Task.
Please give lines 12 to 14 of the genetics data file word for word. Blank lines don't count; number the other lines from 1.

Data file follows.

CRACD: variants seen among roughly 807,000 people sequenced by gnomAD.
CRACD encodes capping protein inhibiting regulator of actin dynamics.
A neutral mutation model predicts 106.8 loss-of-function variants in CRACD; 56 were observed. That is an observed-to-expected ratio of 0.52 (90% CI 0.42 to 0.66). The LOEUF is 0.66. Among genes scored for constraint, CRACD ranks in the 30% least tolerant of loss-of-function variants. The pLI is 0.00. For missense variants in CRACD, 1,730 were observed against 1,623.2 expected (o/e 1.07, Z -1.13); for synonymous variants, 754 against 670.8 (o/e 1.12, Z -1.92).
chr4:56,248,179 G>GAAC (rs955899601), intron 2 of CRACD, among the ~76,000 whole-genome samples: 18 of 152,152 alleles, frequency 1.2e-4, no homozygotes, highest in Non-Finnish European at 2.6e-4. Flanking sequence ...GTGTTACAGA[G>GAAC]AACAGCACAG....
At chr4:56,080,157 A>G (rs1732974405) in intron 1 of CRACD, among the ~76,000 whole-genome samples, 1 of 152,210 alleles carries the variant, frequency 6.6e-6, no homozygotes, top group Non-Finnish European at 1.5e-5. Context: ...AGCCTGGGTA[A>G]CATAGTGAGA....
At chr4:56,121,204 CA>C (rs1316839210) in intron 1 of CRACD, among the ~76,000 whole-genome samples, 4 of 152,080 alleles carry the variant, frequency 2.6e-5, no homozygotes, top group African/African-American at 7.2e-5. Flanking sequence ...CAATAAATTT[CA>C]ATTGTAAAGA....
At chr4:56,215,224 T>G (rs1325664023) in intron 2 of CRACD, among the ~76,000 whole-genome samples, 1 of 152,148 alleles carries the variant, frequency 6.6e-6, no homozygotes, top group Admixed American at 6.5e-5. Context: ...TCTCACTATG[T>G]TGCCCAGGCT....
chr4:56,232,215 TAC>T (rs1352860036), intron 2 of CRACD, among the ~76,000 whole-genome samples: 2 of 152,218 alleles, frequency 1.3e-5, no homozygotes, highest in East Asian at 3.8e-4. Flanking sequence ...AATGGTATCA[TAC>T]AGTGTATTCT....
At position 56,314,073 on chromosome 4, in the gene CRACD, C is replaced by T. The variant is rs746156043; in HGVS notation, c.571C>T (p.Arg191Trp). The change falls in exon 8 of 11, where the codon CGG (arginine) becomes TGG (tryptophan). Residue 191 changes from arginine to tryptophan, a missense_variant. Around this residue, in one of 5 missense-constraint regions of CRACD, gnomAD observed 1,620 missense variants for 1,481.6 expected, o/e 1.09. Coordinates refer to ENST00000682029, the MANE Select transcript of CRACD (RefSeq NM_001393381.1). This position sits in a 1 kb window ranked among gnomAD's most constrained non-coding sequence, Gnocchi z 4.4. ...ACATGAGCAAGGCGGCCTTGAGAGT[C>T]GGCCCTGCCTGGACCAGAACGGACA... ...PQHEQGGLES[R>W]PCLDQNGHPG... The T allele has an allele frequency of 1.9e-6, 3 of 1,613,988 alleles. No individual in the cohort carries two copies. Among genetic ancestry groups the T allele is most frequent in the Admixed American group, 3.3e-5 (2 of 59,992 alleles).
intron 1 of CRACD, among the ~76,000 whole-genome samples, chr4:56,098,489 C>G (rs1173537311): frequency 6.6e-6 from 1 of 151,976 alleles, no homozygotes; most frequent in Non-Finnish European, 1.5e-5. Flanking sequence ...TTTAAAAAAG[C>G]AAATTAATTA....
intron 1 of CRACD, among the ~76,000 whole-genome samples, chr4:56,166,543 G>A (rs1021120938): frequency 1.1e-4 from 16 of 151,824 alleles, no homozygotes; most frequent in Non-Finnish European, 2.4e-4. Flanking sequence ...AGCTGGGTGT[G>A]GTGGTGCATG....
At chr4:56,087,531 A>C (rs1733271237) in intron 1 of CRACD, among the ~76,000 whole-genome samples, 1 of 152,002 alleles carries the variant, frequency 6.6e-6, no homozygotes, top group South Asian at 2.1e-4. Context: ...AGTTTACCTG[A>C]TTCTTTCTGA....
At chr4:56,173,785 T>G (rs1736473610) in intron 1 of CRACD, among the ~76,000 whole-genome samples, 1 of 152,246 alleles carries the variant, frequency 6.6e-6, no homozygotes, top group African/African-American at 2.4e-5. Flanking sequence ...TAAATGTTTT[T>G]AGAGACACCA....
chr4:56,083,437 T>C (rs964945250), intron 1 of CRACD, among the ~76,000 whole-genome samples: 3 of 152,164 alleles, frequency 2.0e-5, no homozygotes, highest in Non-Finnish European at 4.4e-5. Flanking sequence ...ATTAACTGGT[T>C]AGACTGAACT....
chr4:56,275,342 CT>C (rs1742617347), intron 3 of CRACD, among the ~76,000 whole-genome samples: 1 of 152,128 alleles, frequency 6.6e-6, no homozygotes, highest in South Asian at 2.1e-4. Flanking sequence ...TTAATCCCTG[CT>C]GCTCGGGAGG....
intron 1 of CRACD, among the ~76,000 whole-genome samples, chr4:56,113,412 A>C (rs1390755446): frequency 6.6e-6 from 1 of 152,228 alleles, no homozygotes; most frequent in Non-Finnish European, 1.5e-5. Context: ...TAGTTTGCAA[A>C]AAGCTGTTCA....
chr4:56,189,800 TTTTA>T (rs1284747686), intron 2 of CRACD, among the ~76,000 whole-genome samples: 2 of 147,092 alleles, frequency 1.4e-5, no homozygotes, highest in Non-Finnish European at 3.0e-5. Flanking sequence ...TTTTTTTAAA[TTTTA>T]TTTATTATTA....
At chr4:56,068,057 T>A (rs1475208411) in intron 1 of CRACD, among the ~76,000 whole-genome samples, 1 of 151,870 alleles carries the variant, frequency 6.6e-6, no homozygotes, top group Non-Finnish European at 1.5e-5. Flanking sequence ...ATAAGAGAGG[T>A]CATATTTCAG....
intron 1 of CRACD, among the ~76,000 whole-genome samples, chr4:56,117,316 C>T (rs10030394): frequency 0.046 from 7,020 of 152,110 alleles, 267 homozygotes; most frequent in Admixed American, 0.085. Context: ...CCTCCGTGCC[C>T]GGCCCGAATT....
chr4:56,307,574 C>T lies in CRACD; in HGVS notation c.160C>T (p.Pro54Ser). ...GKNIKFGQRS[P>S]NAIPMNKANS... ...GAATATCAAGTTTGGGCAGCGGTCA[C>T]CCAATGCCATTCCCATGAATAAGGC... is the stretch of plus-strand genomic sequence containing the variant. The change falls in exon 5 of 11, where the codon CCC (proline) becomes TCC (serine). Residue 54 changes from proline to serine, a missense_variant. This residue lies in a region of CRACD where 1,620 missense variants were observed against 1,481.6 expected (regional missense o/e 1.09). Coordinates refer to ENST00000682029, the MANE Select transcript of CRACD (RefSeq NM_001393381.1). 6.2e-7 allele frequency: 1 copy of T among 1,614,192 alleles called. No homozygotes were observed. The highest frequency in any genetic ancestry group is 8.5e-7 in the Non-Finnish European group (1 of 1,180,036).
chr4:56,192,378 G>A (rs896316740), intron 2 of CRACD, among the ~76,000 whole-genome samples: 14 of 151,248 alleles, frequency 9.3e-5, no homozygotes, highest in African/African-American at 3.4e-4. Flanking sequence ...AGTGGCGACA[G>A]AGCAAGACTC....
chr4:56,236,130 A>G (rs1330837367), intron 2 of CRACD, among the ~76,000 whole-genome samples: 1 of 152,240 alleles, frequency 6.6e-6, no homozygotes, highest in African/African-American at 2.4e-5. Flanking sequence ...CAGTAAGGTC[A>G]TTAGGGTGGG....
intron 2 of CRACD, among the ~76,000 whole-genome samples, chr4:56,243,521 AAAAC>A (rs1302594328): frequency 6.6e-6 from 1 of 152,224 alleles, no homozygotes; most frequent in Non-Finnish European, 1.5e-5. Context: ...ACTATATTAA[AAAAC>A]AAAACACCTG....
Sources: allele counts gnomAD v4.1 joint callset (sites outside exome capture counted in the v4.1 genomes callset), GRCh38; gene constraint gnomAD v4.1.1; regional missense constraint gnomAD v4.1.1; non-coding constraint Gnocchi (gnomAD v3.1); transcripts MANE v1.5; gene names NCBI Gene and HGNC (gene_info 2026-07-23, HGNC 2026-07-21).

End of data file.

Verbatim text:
At chr4:56,087,531 A>C (rs1733271237) in intron 1 of CRACD, among the ~76,000 whole-genome samples, 1 of 152,002 alleles carries the variant, frequency 6.6e-6, no homozygotes, top group South Asian at 2.1e-4. Context: ...AGTTTACCTG[A>C]TTCTTTCTGA....
At chr4:56,173,785 T>G (rs1736473610) in intron 1 of CRACD, among the ~76,000 whole-genome samples, 1 of 152,246 alleles carries the variant, frequency 6.6e-6, no homozygotes, top group African/African-American at 2.4e-5. Flanking sequence ...TAAATGTTTT[T>G]AGAGACACCA....
chr4:56,083,437 T>C (rs964945250), intron 1 of CRACD, among the ~76,000 whole-genome samples: 3 of 152,164 alleles, frequency 2.0e-5, no homozygotes, highest in Non-Finnish European at 4.4e-5. Flanking sequence ...ATTAACTGGT[T>C]AGACTGAACT....